Tom Pidcock says modern technology in cycling must not be dismissed, and that those riders who ignore it will be left behind.
Speaking before the inaugural UCI Cycling Esports World Championships, in which he will compete as part of the Great Britain team, Pidcock told Telegraph Sport he is no longer sceptical about online racing.
“Everyone was a bit sceptical at first,” he says. “But things are developing all the time. Things like E-bikes [electric bikes] and E-racing are the new things in the sport. The quicker you accept this and come to terms with change, then the quicker you’re on the train.”
Racing platforms like Zwift flourished in lockdown as both amateur and professional cyclists logged on in their thousands. Pidcock says he was able to use the break to ‘reset’ during the spring before going on to enjoy his best year yet on the road.
Following the disappointment of missing out on winning the Under-23 world title on his home roads of Yorkshire in 2019 — an experience he says “makes me punch my pillow at night” — Pidcock won three stages at the Giro Ciclistico d’Italia, or the Baby Giro as it is more commonly known, en route to claiming the overall title and the mountains jersey.
Shortly after becoming the first Briton to win the Baby Giro, it was announced that Pidcock had signed a three-year deal with Ineos before he later experienced “a dress rehearsal for the future” as he led the Great Britain team at the rescheduled world championships in Imola, Italy.
In his typically understated way, Pidcock who also finished runner-up to Mathieu van der Poel at the cyclo-cross world championships in February, described his year as being ‘okay’.
“I will remember the summer I had at home in Yorkshire with the nice weather for the rest of my life,” he says. “Instead of being away racing, I was able to spend time at home. I’m quite lucky in my situation in that all I needed to do was ride my bike, which I was still allowed to do.”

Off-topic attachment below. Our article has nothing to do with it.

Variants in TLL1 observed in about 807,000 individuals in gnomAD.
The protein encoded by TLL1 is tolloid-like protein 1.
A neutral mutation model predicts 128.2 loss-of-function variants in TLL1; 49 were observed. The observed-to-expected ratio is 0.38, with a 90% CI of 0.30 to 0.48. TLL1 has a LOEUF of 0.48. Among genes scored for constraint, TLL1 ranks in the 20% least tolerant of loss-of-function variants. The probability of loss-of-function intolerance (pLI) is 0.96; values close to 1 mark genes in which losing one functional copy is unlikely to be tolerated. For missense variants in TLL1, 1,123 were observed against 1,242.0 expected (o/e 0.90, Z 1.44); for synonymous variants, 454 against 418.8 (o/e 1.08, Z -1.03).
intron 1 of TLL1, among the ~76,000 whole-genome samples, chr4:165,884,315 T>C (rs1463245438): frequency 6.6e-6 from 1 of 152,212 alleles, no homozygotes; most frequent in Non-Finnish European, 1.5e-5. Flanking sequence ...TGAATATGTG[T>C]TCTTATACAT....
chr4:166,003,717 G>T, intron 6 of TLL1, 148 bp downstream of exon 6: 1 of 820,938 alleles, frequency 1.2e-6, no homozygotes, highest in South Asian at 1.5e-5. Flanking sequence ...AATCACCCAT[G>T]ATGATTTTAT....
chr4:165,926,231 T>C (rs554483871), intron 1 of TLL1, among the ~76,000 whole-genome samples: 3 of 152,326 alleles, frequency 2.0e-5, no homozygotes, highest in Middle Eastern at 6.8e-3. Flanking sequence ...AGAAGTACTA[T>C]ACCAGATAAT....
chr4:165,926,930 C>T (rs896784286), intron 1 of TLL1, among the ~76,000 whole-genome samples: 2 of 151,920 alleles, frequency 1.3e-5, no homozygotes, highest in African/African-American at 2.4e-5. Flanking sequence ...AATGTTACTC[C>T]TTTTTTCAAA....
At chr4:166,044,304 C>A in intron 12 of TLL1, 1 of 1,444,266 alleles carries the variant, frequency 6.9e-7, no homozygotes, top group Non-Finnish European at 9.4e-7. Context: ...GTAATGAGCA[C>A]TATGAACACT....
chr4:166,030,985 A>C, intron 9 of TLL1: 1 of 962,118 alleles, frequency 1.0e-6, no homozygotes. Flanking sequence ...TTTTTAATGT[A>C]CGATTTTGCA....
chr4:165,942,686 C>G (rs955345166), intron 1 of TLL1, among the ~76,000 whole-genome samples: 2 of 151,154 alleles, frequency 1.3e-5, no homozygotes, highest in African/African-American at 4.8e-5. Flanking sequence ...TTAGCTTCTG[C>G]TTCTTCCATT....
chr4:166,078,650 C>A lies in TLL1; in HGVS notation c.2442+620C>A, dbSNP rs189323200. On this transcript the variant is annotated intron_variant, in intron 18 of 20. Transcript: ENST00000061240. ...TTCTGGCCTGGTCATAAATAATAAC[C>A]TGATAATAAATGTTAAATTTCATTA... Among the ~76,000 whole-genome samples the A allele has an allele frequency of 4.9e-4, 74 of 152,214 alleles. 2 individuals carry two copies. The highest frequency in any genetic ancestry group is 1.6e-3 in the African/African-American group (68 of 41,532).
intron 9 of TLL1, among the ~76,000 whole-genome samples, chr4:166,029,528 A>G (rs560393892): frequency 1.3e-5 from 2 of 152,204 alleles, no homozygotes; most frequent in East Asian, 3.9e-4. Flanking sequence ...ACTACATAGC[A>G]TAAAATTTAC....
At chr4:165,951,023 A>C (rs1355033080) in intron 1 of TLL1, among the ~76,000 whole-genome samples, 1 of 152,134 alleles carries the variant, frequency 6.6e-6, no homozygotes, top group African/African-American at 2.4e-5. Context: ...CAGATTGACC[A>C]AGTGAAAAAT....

As Pidcock concedes, however, not everybody was able to cycle outdoors. Many riders, including Giro d’Italia champion Tao Geoghegan Hart who spent lockdown stuck inside, were forced to ride on their turbo trainers. Little wonder Zwift saw a massive increase in users during lockdown.
“I think it helped keep the [cycling] community together, either through competitive racing or not — Zwift helped a lot of people get through what was quite a tough time for some people. It is another discipline if you like, so it just increases the chance of people getting involved in cycling.”
Though an early adopter to online racing, Pidcock’s first race on Zwift did not go to plan. “I was a bit too excited when I did my first race — it was my first race in something like three months,” he says. “Even though it was online I was still excited and just attacked after two minutes. I wasn’t getting anywhere so I sat up and the bunch came past me.”
Lining up alongside the likes of Alberto Bettiol, Thomas De Gendt and Rigoberto Urán, Pidcock will most likely be Britain’s best chance of a medal in the men’s race on Wednesday. Elinor Barker and Sarah Storey will be hoping to challenge in the women’s race, which is contested over the exact same distance on the same course and with equal prize money as the men.
However, it is not a given that one of the stars of the men’s or women’s WorldTours will win and so Anna van der Breggen, the double women’s world champion, or the almost unstoppable Annemiek van Vleuten, will be adding another rainbow jersey to their collections.
One of the peculiar quirks of online racing, as a number of professionals have discovered to their cost, is that the tactics needed while racing in the virtual world are very different to when on the open road and so E-racing specialists Lionel Vujasin (Belgium) and Cecilie Hansen (Sweden) will be hoping to use their experience to upset the household names.
“It’s important that you stay at the front; on the hills you have to go full gas and stay at the front and then you can basically freewheel down the other side, if you’re in the front group,” Pidcock explains. “But if you lose contact with the front group and a gap forms then it’s difficult to close. I think that’s the key difference really, in a road race if you lose the wheel on a climb you can chase back on on the descent.
“I just don’t want to get dropped at the first climb. I’m sure I won’t.”